American conductor David Hahn is the Paul S. and Jean R. Amos Distinguished Chair in Music and Director of Choral Activities at the Schwob School of Music at Columbus State University. At the Schwob School of Music, Hahn conducts the Schwob Singers, Choral Union, and teaches courses in voice and conducting at the undergraduate and graduate levels. Prior to joining the faculty at the Schwob School of Music, Hahn served as Visiting Director of Choral Activities at the University of Toledo, and led ensembles at the University of Michigan and the Eastman School of Music.
A champion of new music and culturally relevant programming, Hahn frequently collaborates with established and emerging composers to deepen and expand the choral canon and engage audiences through premieres and performances of cutting-edge works. Current projects include a commission with Pulitzer Prize finalist, Michael Gilbertson, in addition to a performance of the first multi-sensory work of its kind, The Notebooks of Leonardo da Vinci by Jocelyn Hagen. Past projects have included David Lang’s The National Anthems, Trevor Weston’s Mary’s Verses, and Kile Smith’s modern setting of the Star-Spangled Banner. In 2018, Hahn received the American Prize Ernst Bacon Award in the College/University division for his performance of John Corigliano‘s Fern Hill with the Eastman Repertory Singers.
As the Artistic Director & Conductor of the Orchard Park Chorale, Hahn conducted many notable works with full orchestra including The Rio Grande by Constant Lambert, Toward the Unknown Region by Ralph Vaughan Williams, and In Terra Pax by Gerald Finzi. At the Eastman School of Music, Hahn was the co-conductor of the Graduate Orchestra where he conducted symphonic works by Brahms, Dvořák, Mahler, Strauss, and Stravinsky. As a Conducting Fellow in the Opera Bootcamp program at the University of Cincinnati College-Conservatory of Music, Hahn conducted scenes from Cosi fan tutte and Le Nozze di Figaro. Hahn also conducted the 2020 University of Michigan concert performance premiere of William Banfield’s poignant opera, Edmonia. Hahn will make his debut with the Schwob Philharmonic in February 2023.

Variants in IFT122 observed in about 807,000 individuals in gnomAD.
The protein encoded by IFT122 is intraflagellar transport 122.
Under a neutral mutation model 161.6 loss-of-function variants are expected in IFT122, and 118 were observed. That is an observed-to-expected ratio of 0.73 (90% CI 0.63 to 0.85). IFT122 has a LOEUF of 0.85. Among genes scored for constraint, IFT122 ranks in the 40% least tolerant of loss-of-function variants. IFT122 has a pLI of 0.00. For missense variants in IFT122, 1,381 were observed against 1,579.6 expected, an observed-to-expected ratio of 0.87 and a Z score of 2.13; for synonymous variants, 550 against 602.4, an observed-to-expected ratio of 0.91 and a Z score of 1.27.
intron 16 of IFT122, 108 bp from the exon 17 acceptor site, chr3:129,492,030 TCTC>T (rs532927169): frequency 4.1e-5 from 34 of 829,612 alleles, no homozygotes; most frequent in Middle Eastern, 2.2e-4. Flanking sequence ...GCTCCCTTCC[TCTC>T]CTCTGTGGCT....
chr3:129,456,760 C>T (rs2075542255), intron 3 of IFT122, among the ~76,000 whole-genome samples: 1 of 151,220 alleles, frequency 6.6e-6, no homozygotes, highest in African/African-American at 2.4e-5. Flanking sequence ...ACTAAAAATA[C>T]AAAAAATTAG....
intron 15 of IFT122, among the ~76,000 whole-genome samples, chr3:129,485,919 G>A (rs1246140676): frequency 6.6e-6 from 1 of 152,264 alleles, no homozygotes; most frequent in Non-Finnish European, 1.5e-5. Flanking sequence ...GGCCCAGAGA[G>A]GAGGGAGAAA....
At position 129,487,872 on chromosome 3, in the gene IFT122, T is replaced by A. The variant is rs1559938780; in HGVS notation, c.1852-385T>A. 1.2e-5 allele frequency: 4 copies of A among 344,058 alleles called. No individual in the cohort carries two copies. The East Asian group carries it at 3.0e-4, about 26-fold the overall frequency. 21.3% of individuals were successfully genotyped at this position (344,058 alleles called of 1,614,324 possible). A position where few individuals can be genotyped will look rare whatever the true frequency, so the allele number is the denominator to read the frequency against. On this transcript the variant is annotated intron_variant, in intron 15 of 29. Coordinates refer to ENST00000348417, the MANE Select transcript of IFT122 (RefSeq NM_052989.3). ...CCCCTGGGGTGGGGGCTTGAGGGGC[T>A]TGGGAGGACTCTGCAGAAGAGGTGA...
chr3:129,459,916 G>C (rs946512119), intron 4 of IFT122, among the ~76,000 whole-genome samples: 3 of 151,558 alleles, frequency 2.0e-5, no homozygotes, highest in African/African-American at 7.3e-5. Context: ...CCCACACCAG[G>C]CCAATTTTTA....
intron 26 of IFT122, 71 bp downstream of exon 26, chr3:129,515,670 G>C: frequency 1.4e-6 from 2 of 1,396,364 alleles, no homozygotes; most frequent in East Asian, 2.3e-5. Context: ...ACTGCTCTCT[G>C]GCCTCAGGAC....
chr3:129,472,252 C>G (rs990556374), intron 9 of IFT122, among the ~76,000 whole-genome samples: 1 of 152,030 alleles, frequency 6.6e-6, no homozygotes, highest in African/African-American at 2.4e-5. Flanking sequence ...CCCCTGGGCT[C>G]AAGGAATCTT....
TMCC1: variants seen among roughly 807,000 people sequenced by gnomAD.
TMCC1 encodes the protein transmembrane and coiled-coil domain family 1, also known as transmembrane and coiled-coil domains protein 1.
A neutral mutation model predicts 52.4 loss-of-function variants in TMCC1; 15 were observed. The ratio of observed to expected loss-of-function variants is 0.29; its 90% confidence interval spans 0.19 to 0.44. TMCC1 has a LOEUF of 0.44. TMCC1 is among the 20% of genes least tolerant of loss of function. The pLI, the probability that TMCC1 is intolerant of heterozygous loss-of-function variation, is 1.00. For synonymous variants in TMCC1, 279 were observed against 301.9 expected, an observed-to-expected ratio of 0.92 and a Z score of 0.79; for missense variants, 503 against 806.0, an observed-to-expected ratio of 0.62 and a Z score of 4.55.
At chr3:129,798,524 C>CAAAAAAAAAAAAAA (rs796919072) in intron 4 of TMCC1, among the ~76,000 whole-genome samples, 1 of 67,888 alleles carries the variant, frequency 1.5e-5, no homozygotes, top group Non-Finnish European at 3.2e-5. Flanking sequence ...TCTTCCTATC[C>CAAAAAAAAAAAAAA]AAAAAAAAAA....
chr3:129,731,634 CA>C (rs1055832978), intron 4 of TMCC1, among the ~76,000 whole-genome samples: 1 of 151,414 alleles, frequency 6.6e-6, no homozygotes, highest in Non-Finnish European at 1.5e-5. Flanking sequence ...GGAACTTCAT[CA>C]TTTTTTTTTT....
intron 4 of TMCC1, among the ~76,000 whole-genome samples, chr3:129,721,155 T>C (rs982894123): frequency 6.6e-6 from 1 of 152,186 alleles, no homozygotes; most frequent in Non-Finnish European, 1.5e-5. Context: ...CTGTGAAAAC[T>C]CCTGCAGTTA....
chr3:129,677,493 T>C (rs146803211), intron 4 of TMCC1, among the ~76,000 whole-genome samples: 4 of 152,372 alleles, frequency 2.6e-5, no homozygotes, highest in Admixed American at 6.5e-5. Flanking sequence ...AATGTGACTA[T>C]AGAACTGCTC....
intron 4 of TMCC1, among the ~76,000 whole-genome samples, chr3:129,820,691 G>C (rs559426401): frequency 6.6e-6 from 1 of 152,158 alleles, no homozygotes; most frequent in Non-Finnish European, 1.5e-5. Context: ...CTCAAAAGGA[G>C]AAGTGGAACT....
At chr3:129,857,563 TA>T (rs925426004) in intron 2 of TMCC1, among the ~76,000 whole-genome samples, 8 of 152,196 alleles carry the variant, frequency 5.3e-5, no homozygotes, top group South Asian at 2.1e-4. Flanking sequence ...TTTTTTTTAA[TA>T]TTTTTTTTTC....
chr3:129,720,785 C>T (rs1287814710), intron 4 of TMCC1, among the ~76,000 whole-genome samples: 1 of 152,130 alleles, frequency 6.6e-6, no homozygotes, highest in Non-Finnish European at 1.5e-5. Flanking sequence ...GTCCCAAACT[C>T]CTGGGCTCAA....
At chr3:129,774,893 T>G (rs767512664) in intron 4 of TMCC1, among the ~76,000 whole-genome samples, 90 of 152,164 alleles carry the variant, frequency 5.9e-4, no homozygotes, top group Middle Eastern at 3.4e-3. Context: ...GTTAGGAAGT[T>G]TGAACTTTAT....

An active clinician and passionate music educator, Hahn enjoys frequent engagements with youth and collegiate ensembles throughout the United States. Hahn previously conducted the Michigan Youth Chamber Singers and served as the Director of Choral Music at Nichols School in Buffalo, NY where he directed multiple choirs and served as Artistic Director of the Nichols Choral Festival and Invitational. His students consistently earned top marks at adjudications and were invited to perform at the opening of a Buffalo Philharmonic Orchestra concert.
As a professional singer, Hahn has performed with many distinguished ensembles including the two-time GRAMMY® Award-Winning Ensemble—The Washington Chorus, the GRAMMY® Award-Winning Ensemble—the Buffalo Philharmonic Chorus (as Bass Section Leader), the Chicago Choral Artists, the VOICES chamber choir, and the Eastman-Rochester Chorus (as Ensemble Manager and Bass Section Leader). Hahn has also made appearances with Buffalo Opera Unlimited, most recently as Lieutenant Gordon in their performance of Silent Night by Kevin Puts. Past solos include Brahms’ Ein Deutsches Requiem and Dominick Argento’s Four Seascapes with the Eastman-Rochester Chorus, Stravinsky’s Mass with the Eastman Repertory Singers, and the Faure Requiem and Handel’s Messiah with the Moody Oratorio Chorus.
Hahn holds the Doctor of Musical Arts degree in Conducting from the University of Michigan (Eugene Rogers), the Master of Music degree in Conducting from the Eastman School of Music (William Weinert, Brad Lubman) where he was a recipient of the Edith H. Babcock and Herman Genhart Choral Conducting scholarships, and the Bachelor of Music degree in Vocal Performance and Sacred Music with Honors from Moody Bible Institute in Chicago, IL. He has also been mentored and taught by many renowned conductors including Mark Gibson, Victor Yampolsky, David Hayes, Duain Wolfe, Andrew Megill, Lucinda Carver, and Erin Freeman.